mysterious Byronic hero alpha male for a neighbor. Just. Don’t. For me. Please.

How do you decide where to start?
Do you go with your first vision? Is starting the novel the hardest part for

Next time, I’ll talk about whymaybe I should learn to outline (but it
won’t happen) and what to do when you feel like you’re up to your knees in muck
that’s sucking you down into a writerly funk and you don’t think you can slog through
it to the next chapter.

By Lisabet Sarai

Warning: rant alert.

I had planned this month to blog about
symbolism, allegory, allusions and archetypes, and how these can add
depth and substance to erotic writing. However, then I read a book
I’d agreed to review (without knowing anything about it), and found
myself so massively annoyed that I just had to vent.

I haven’t encountered such dreadful
writing in quite a while. Malapropisms (“intangibly bright eyes”,
“moved in perfect synchronicity”). Point of view that wanders
from one character’s head to another within a single sentence.
Stereotypically extreme descriptions of anatomy,with every cock
enormous and every breast and ass “large, round and firm”.
Typographical errors (“nearly identikit paths”) and grammar
gaffes (“grinded”) that suggest no editor ever came near the

The novel does offer a great deal, and
considerable variety, of sex. Some scenes definitely deserve the
label “gratuitous”, in the sense that they involve minor
characters and are completely irrelevant to the plot. Other scenes
are so extreme that they struck me as ridiculous. I suppose that if
one is looking for pure sexual fantasy, realism doesn’t matter, and
I’m sure there are readers who would buy this book for the sex alone.
The sex, though, is just as poorly written as the rest of the book, a
strange mixture of sterile physical descriptions and romance-tinted
purple prose. (I’m sorry, but I can’t read the word “manhood” in
a gang-bang orgy scene with a straight face.)

This novel was not, as you might
suspect, self-published. On the contrary, it comes from a well-known
publisher, a publisher that I would have expected to have higher
standards – or at least better editors.

Why am I so upset about this? It’s only
one book.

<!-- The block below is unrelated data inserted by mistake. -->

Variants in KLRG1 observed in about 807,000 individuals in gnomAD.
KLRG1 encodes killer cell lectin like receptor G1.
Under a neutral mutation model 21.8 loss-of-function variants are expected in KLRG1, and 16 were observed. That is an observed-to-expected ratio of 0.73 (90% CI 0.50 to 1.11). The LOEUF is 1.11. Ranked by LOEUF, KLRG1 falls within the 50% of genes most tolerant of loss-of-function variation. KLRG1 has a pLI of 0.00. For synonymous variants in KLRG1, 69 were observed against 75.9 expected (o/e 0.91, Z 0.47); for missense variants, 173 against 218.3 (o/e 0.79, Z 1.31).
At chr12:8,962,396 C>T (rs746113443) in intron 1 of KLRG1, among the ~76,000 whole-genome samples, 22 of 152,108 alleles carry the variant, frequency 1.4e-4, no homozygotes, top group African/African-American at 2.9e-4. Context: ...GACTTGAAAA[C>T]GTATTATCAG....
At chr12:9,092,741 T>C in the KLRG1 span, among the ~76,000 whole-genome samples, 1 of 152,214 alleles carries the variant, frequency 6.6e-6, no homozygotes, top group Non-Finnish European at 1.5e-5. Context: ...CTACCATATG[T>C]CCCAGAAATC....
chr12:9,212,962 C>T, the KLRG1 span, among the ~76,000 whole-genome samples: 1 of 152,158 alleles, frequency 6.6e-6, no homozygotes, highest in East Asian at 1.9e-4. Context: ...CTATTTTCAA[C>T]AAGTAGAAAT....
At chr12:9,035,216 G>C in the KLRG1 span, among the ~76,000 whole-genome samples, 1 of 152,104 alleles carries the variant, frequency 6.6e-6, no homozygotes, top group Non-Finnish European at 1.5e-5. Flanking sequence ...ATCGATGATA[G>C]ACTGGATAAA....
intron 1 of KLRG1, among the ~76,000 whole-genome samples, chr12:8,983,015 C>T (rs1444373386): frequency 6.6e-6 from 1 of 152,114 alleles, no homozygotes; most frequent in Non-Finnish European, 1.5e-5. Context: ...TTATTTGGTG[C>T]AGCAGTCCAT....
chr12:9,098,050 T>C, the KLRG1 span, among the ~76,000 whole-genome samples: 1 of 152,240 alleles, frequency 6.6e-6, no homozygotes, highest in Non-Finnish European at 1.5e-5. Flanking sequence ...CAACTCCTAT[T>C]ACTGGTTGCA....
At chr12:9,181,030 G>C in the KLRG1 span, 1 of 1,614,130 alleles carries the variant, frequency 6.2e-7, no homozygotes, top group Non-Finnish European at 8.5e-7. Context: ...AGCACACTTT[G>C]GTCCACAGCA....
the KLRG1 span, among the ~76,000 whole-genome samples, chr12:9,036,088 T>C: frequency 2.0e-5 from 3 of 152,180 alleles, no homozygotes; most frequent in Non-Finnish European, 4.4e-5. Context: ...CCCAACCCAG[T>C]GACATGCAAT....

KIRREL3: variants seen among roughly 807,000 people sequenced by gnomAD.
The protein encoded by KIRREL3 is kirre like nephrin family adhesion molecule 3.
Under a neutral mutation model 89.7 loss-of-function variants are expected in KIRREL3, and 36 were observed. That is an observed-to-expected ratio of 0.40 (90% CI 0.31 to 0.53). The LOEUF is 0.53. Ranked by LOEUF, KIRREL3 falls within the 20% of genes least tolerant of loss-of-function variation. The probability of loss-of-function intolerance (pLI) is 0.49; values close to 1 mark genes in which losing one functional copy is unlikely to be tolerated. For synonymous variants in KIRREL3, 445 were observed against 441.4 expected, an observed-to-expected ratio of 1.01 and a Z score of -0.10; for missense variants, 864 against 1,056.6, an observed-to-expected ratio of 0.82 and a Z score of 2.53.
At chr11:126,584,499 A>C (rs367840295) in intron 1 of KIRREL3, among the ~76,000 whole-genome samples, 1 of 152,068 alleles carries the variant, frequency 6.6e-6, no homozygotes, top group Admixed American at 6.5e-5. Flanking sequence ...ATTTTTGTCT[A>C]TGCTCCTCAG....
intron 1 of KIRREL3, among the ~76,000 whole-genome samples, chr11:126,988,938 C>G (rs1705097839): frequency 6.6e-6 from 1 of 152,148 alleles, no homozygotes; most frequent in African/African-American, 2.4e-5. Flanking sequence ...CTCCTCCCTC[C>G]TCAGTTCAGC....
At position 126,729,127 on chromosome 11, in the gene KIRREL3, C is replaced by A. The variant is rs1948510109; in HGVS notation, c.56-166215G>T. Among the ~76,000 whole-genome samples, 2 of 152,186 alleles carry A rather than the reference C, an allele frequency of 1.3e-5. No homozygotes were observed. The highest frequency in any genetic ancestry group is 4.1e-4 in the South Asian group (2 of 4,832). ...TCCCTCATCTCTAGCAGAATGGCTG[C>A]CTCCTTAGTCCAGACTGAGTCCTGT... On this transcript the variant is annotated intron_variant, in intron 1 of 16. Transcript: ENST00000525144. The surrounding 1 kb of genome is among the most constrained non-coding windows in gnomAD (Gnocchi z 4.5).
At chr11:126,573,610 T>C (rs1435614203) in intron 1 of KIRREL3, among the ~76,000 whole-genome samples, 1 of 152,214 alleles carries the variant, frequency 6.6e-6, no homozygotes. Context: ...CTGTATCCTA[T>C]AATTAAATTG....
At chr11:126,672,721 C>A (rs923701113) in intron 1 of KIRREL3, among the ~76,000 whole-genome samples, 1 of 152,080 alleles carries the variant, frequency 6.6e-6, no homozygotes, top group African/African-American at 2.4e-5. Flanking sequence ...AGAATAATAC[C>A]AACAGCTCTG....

The crux of the problem is – it’s
not. I’d like to believe this particular novel is an anomaly, but
the last three books from this house that I’ve reviewed have
exhibited similar, though perhaps less extreme, problems.
Furthermore, I’ve encountered the same issues in recent books from
other high-profile erotic imprints.

This book is symptomatic of a
unfortunate trend in the erotica publishing world, namely, a willingness to
accept and release pretty much anything, as long as it includes
plenty of sex. Publishers are choosing quantity over quality.

In fact,
this might be considered a rational business decision, because they
have very little to lose.

Ebooks have radically altered the
economics of bringing books to market. Authors no longer receive
advances, so if a book doesn’t sell, the company doesn’t need to pay
the writer anything. There’s no risk involved in accepting practically every manuscript submitted. Meanwhile, production costs for ebooks are minimal.
The only expenses a publisher shoulders are the labor costs involved
in editing, formatting the manuscript and submitting it to sales
outlets. (It appears that some companies are deciding to skip the
editing process, in order to improve profits.)

In the days of print,
publishers had to bear the financial consequences of bad decisions
regarding who to publish. This tended to make them at least somewhat
selective. Now, from a publisher’s perspective, selectivity has
almost zero advantage. The more books they release, the more money
they make, especially since readers’ appetite for sexually-themed
ebooks appears to be insatiable.

What about reputation? That’s a good
question. Have these companies no shame? I’d be horribly embarrassed
to put my name on a product like the book in question.
Apparently such considerations doesn’t enter into the equation for
these companies, at least when balanced against cash.

Maybe I’m just an elitist snob. Perhaps
an author’s writing skill doesn’t matter at all. A survey of the
Amazon reviews for the book in question suggests there’s some truth to this
theory. The ratings are pretty much divided between five stars and
one star, but quite a few readers claim to have loved the novel. Why
should my opinions be any more valid than theirs?

Well – I am an author, an editor
and a reviewer, who has been involved in erotica publishing for more
than a decade. Although it’s commonly believed that anyone can write
an erotic story, I know that it takes serious effort and determined
practice to capture the elusive nature of desire. Perhaps it is true,
though, that almost anyone can write a story that includes sex, if
all that’s needed is the tab-A-in-tab-B nuts-and-bolts (or the
nuts-and-cunts, if you will). It may be that this is all that readers
want, after all – not insight, not joy, not surprise – just plain
old down-and-dirty sex that they can wank to.

I’ve got nothing against wanking. But
that’s not enough to satisfy me as a reader – or as an author.

Publishers used to act as gatekeepers.
Authors would lament that fact. We all complained about how our opus
languished in the slush pile, ignored or rejected by those who had
the power to turn us into best-sellers. The gates are wide open now;
the slush-pile gets simply shoveled out onto Amazon and iTunes.

This is bad news for those of us who do
care about quality writing. Our creations, the children of our souls,
drown in the vast sea of (often terrible) quasi-porn that is now